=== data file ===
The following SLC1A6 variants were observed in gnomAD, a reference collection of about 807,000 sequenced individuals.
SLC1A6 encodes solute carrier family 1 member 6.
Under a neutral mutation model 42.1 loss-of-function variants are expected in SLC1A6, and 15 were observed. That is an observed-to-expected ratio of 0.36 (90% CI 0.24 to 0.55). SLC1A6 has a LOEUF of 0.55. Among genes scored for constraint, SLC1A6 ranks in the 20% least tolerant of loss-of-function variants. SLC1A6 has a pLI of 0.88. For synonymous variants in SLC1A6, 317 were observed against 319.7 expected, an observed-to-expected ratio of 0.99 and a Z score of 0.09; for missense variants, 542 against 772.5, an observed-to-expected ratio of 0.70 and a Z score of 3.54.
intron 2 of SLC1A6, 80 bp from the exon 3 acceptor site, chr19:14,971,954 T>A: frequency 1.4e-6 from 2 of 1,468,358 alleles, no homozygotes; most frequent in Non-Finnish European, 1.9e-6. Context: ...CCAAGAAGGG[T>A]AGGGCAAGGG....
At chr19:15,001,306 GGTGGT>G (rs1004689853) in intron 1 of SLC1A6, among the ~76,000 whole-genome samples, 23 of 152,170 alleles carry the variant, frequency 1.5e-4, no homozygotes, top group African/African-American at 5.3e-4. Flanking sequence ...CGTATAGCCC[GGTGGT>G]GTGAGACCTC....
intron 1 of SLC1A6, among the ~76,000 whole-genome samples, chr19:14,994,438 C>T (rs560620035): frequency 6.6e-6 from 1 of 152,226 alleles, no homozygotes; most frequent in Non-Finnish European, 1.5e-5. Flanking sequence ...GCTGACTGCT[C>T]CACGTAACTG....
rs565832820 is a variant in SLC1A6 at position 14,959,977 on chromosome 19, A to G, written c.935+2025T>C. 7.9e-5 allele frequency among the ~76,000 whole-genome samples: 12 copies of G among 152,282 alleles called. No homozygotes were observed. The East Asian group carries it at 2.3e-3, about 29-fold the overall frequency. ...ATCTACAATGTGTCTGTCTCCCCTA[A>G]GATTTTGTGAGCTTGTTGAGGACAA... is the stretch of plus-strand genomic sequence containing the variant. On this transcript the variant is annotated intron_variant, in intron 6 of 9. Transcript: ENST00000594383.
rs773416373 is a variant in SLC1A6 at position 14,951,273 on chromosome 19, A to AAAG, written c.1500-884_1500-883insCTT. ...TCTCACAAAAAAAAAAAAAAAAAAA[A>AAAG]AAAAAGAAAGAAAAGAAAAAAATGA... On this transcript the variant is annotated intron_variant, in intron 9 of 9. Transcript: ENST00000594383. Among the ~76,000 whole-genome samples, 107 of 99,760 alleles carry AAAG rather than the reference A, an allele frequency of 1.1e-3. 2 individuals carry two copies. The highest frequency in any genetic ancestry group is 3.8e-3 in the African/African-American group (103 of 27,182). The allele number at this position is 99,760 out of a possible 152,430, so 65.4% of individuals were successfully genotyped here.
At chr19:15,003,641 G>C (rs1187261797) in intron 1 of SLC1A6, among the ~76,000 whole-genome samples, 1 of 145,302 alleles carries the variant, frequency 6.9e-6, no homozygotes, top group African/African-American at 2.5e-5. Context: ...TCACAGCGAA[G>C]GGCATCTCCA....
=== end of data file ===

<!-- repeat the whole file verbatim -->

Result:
The following SLC1A6 variants were observed in gnomAD, a reference collection of about 807,000 sequenced individuals.
SLC1A6 encodes solute carrier family 1 member 6.
Under a neutral mutation model 42.1 loss-of-function variants are expected in SLC1A6, and 15 were observed. That is an observed-to-expected ratio of 0.36 (90% CI 0.24 to 0.55). SLC1A6 has a LOEUF of 0.55. Among genes scored for constraint, SLC1A6 ranks in the 20% least tolerant of loss-of-function variants. SLC1A6 has a pLI of 0.88. For synonymous variants in SLC1A6, 317 were observed against 319.7 expected, an observed-to-expected ratio of 0.99 and a Z score of 0.09; for missense variants, 542 against 772.5, an observed-to-expected ratio of 0.70 and a Z score of 3.54.
intron 2 of SLC1A6, 80 bp from the exon 3 acceptor site, chr19:14,971,954 T>A: frequency 1.4e-6 from 2 of 1,468,358 alleles, no homozygotes; most frequent in Non-Finnish European, 1.9e-6. Context: ...CCAAGAAGGG[T>A]AGGGCAAGGG....
At chr19:15,001,306 GGTGGT>G (rs1004689853) in intron 1 of SLC1A6, among the ~76,000 whole-genome samples, 23 of 152,170 alleles carry the variant, frequency 1.5e-4, no homozygotes, top group African/African-American at 5.3e-4. Flanking sequence ...CGTATAGCCC[GGTGGT>G]GTGAGACCTC....
intron 1 of SLC1A6, among the ~76,000 whole-genome samples, chr19:14,994,438 C>T (rs560620035): frequency 6.6e-6 from 1 of 152,226 alleles, no homozygotes; most frequent in Non-Finnish European, 1.5e-5. Flanking sequence ...GCTGACTGCT[C>T]CACGTAACTG....
rs565832820 is a variant in SLC1A6 at position 14,959,977 on chromosome 19, A to G, written c.935+2025T>C. 7.9e-5 allele frequency among the ~76,000 whole-genome samples: 12 copies of G among 152,282 alleles called. No homozygotes were observed. The East Asian group carries it at 2.3e-3, about 29-fold the overall frequency. ...ATCTACAATGTGTCTGTCTCCCCTA[A>G]GATTTTGTGAGCTTGTTGAGGACAA... is the stretch of plus-strand genomic sequence containing the variant. On this transcript the variant is annotated intron_variant, in intron 6 of 9. Transcript: ENST00000594383.
rs773416373 is a variant in SLC1A6 at position 14,951,273 on chromosome 19, A to AAAG, written c.1500-884_1500-883insCTT. ...TCTCACAAAAAAAAAAAAAAAAAAA[A>AAAG]AAAAAGAAAGAAAAGAAAAAAATGA... On this transcript the variant is annotated intron_variant, in intron 9 of 9. Transcript: ENST00000594383. Among the ~76,000 whole-genome samples, 107 of 99,760 alleles carry AAAG rather than the reference A, an allele frequency of 1.1e-3. 2 individuals carry two copies. The highest frequency in any genetic ancestry group is 3.8e-3 in the African/African-American group (103 of 27,182). The allele number at this position is 99,760 out of a possible 152,430, so 65.4% of individuals were successfully genotyped here.
At chr19:15,003,641 G>C (rs1187261797) in intron 1 of SLC1A6, among the ~76,000 whole-genome samples, 1 of 145,302 alleles carries the variant, frequency 6.9e-6, no homozygotes, top group African/African-American at 2.5e-5. Context: ...TCACAGCGAA[G>C]GGCATCTCCA....